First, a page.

And so you, if you can imagine in my case here I am. flying Company officers around, we’re at a distant airport where, you know, the last you know, call of the day, we’re ready to get home. And all of a sudden, I got to say, you guys got Drive home, or you got to take a bus or a train, and I’m going to have to stay here until I get this remedied, which could be weeks because you know, like it or not, the FAA doesn’t move at the speed of.
light, you know?
Steve Rhode: Well, and even if you didn’t have the information with you satisfy the ramp check the FAA enforcement folks have the power of subpoena to request those records from you. I have friends at the FAA and I have told them what I’m about to tell you many times and they don’t necessarily disagree with me that the folks that the FAA are kind they’re friendly, but from a pilot point of view, you will be guilty before you are innocent. Right? I, that is probably the biggest thing that I can impart is that you will be guilty if something comes up and there’s an investigation and you have not done things by the book.
There are two codes under the code of of federal regulations 91.3 and 91.13, that you will be guilty of. 91.3. The pilot in command is the sole authority in the operation of the aircraft. If you did something stupid, the pilot in command, which is you is responsible. And of course, 91.13, which is if you operated the drone in a careless or reckless manner, Guilty of that, a code too.
So right off the bat you can expect some unpleasant outcomes. Now, Robert, one of the things I’d like to talk about real quickly is recently I talked to you about what the FAA expect expectation. Of a preflight is before you fly, then this is the last topic I’d like to cover in our inaugural broadcast here, because I think this will blow people’s minds.
So what I observe is the average person goes out, they put the drone on the ground, they turn the power on, they look the screen and they take off, but the FAA expectation. Of an actual pre-flight inspection. I asked you how long would this pre-flight inspection take you? And I think what we finally agreed is that you felt it would take at least 30 minutes.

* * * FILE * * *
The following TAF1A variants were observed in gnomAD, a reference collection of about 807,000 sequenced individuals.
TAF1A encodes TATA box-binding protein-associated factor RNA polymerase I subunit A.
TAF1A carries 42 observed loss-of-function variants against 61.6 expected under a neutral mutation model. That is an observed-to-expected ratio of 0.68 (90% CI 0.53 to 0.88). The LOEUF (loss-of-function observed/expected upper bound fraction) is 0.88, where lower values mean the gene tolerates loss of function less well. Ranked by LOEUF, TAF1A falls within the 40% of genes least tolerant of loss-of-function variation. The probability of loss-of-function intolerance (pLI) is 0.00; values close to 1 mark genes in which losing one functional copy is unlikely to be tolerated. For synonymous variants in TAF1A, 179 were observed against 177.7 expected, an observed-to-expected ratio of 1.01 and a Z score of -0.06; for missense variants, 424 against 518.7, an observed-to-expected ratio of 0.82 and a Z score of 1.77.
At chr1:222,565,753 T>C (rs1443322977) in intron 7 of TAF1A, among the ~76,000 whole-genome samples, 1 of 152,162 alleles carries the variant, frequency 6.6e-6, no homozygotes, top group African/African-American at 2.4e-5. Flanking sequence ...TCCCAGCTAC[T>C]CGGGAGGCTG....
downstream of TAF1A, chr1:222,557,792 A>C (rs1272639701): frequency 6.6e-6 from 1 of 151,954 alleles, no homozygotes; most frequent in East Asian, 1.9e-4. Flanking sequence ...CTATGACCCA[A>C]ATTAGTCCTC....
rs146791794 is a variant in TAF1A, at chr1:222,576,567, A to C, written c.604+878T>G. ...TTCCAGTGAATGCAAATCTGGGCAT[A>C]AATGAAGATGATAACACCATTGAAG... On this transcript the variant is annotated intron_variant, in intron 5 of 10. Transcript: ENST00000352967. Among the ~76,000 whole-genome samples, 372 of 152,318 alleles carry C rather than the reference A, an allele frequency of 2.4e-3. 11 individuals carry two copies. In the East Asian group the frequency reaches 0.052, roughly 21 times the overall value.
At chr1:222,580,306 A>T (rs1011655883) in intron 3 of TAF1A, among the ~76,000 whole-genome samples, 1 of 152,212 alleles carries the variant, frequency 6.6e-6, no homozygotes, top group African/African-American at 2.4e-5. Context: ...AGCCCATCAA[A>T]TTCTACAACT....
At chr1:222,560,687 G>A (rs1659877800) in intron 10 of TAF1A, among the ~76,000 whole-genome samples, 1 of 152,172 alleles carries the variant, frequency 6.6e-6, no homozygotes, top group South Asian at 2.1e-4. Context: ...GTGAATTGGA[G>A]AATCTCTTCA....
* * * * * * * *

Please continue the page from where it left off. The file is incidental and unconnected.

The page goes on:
Robert Zarracina: Yeah. Cause I figured like from a manned aircraft perspective, 35 to, 30 to 45 minutes, because I need to make sure that that aircraft is number. one Safe and that there’s nothing going wrong with it, such that it’s kind of like we’ve talked about before Steve I’d rather be on the ground. Wishing I was in the air than be in the air, wishing I was on the ground.
So, Yeah. I mean, there’s a lot, we check and I think, you know, I, I kind of have what I call an extended preflight, which means that prior to looking over the aircraft, I’m checking weather because as you know, flying is all about weather. And if there’s a chance where the weather could go south on me, I don’t even think about pre flying the aircraft.
I canceled the flight because there’s been times when I’ve been in thunderstorms, I’ve been in icing conditions. And fortunately, we were able to extricate ourselves from bowls because neither one of those you want to mess with this is a kind of mindset. I think manned aircraft pilots have that. I think the accidental, any accidental aviators don’t because The AAS are always on the ground. You know, chances are, if they fly the drone away, the worst that can happen is they lose sight of it, which.
You know, pilots do. And it ends up in a lake here or somebody’s backyard or a farm field or something, And that’s it. With Amanda aircraft, there is a far higher probability that lives can be jeopardized.
And I think just that mindset. is one of the things again, and I’m not trying to beat up the AAS at all. Steve, I think. because it’s a drone, it’s a drone. Some of them look at it as a toy. FAA does not.
Steve Rhode: Well, they, you know, the are accidental aviator friends just have not had. The training or experience to know what is appropriate.
You know, I think that the people who listened to this podcast and take this information seriously, will end up as superior drone pilots, and they will then go on to spread the word and look at other pilots and go. Tell me about your pre-flight
So I’m you know, fire department pilot. And when I fly the airplane for the fire department, my flight begins the previous day, because if I know I’m going to fly tomorrow, well today I’m all right. Reading the forecast discussion for tomorrow. I’m looking at what the hourly forecast is. I’m looking at you know, what temperature visibility is going to be any participate, participant precipitation.
Robert Zarracina: Yeah, this is a tough one.
Steve Rhode: well, I planned to participate in. But not if it’s precipitating.